Ultrarunner To Attempt Round-Trip North Pole Expedition On Foot

While one famous British explorer prepares to take on the Antarctic in the dead of winter, another is gearing up to challenge himself in the Arctic instead. Last week, endurance runner Tim Williamson announced that in 2013 he will attempt to travel solo and unsupported to the North Pole and then return to his starting point – completely on foot. If successful, he’ll become the first person to complete such a journey.

Williamson intends to launch his expedition in mid-January, setting out for the North Pole from Resolute Bay in Canada. That tiny Inuit village is one of the most northerly communities on Earth and a common starting point for explorers heading to the top of the world. Most of those other explorers depart from that point by first taking a chartered flight out to the remote Ellesmere Island, saving themselves hundreds of miles on what is an already long journey. But Williamson intends to begin and end in Resolute Bay, which means that if he is successful in this venture, he’ll cover more than 2200 miles on his round-trip journey.

As if covering all of those miles in the Arctic weren’t challenging enough, Tim believes that he can complete the expedition in just 100-120 days. Considering the extreme challenges he’ll face out on the ice, that would be a blazingly fast time. Those challenges include high winds, sub-zero temperatures, whiteout conditions, dangerous blizzards and wandering polar bears. Additionally, the Arctic pack-ice isn’t as thick as it once was and there are now large sections of open water that he’ll need to either navigate around or swim across. Traveling during the winter will help alleviate those obstacles to a degree, but the longer he is out on the ice, the more of an issue it will become.

Williamson says this is the kind of expedition that he is built for and his aptitude at long distance running will serve him well in the Arctic. That may be true, but this will be a challenge unlike any he has ever undertaken. Over the past two Arctic seasons, not a single person has managed to travel the full distance to the North Pole, let alone back again.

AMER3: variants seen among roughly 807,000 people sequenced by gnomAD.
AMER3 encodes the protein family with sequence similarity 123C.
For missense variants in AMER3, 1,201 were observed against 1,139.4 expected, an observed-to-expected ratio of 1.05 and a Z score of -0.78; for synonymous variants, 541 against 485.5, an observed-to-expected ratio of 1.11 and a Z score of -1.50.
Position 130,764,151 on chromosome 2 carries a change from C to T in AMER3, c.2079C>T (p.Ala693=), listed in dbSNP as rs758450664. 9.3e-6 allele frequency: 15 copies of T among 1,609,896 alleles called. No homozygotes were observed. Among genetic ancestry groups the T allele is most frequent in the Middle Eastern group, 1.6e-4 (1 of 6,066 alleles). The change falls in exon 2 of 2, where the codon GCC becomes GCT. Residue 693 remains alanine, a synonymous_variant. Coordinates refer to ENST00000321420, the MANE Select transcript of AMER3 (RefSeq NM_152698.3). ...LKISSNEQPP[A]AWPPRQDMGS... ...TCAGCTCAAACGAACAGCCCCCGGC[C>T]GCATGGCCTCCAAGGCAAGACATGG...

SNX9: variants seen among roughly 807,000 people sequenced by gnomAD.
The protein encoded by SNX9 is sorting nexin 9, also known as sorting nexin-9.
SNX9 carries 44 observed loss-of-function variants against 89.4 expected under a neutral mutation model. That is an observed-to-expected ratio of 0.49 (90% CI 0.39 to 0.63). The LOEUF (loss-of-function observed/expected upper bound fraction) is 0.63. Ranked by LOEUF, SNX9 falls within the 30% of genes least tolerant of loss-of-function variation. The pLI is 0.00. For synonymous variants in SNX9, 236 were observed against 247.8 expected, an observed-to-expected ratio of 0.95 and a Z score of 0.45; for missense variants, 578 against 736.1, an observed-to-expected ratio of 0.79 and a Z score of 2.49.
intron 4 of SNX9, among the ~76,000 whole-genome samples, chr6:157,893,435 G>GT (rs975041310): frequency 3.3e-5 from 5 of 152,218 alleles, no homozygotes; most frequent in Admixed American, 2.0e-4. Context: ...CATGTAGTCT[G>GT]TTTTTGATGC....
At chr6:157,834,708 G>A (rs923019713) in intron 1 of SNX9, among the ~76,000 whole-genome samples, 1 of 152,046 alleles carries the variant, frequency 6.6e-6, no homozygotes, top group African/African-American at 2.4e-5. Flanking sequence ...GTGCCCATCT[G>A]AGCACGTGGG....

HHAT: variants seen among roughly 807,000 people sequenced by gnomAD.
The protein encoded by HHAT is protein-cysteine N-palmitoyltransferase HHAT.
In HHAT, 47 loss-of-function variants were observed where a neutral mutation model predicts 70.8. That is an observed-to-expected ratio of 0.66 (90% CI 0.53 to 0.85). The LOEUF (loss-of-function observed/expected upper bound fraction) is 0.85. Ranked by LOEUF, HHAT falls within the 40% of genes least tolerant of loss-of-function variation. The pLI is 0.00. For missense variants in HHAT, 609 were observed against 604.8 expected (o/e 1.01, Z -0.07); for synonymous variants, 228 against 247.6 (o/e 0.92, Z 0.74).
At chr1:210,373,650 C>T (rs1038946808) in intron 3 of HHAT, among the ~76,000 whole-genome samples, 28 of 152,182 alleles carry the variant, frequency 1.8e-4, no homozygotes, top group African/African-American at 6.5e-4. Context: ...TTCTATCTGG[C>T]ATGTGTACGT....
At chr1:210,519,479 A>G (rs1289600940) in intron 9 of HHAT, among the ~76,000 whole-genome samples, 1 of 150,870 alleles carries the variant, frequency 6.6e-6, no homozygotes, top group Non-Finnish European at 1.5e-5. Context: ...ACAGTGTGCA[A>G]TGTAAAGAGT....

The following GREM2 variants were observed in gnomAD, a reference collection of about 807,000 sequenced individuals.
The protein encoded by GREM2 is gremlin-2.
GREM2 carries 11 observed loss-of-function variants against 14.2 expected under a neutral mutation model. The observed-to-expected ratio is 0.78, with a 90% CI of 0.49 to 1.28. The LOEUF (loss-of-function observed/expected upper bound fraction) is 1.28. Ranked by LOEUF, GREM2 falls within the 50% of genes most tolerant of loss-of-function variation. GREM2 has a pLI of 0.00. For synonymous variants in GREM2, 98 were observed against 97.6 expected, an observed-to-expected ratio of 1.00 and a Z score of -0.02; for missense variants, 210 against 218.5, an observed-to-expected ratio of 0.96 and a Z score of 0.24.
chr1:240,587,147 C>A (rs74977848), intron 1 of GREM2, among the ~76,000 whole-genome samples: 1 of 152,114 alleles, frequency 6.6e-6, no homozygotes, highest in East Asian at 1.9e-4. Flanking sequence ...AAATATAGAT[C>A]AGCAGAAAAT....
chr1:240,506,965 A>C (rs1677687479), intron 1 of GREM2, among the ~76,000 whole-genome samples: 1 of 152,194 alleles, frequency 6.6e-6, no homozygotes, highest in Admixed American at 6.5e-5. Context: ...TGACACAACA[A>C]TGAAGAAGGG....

[Photo courtesy Tim Williamson]

Explorers rowing to the Magnetic North Pole

A few days back, a crew of six adventurers set out in a specially designed rowboat on a 450-mile journey to the Magnetic North Pole. The six-week long journey began in Resolute Bay, Canada and will end when the team becomes the first to row to the Pole, which is located in a remote area of the Arctic Ocean.

Not to be confused with the Geographic North Pole, the Magnetic North Pole is actually the location on the surface of the Earth that a compass points to in the Northern Hemisphere. Over the years, that point has been known to change and move, but it is currently located at the coordinates of 78°35.7N 104°11.9W. The Geographic NP is, of course, found at the top of the world, at exactly 90°N.

This expedition is led by Jock Wishart, a veteran polar explorer and ocean rower. He is joined by a crew of experienced sailors and adventurers that includes Mark Delstanche, Billy Gammon, Rob Sleep, David Mans, and Mark Beaumont. The plan is for the team to row in three hour shifts, as they make slow, but steady, progress toward their goal.

According to the expedition’s website, the crew launched amidst good weather on Saturday, with low winds and temperatures hovering around 55°F. That is quite warm for the Arctic, and those conditions aren’t expected to last, as even in the summer, the temperatures can fall well below freezing and high winds can make travel extremely challenging.

If all goes as planned, the team should reach their goal sometime around the middle of September. You’ll be able to follow their progress at RowToThePole.com, which includes blog updates from the water, live GPS tracking, and plenty of information about the boat and her crew.

[Photo credit: RowToThePole.com]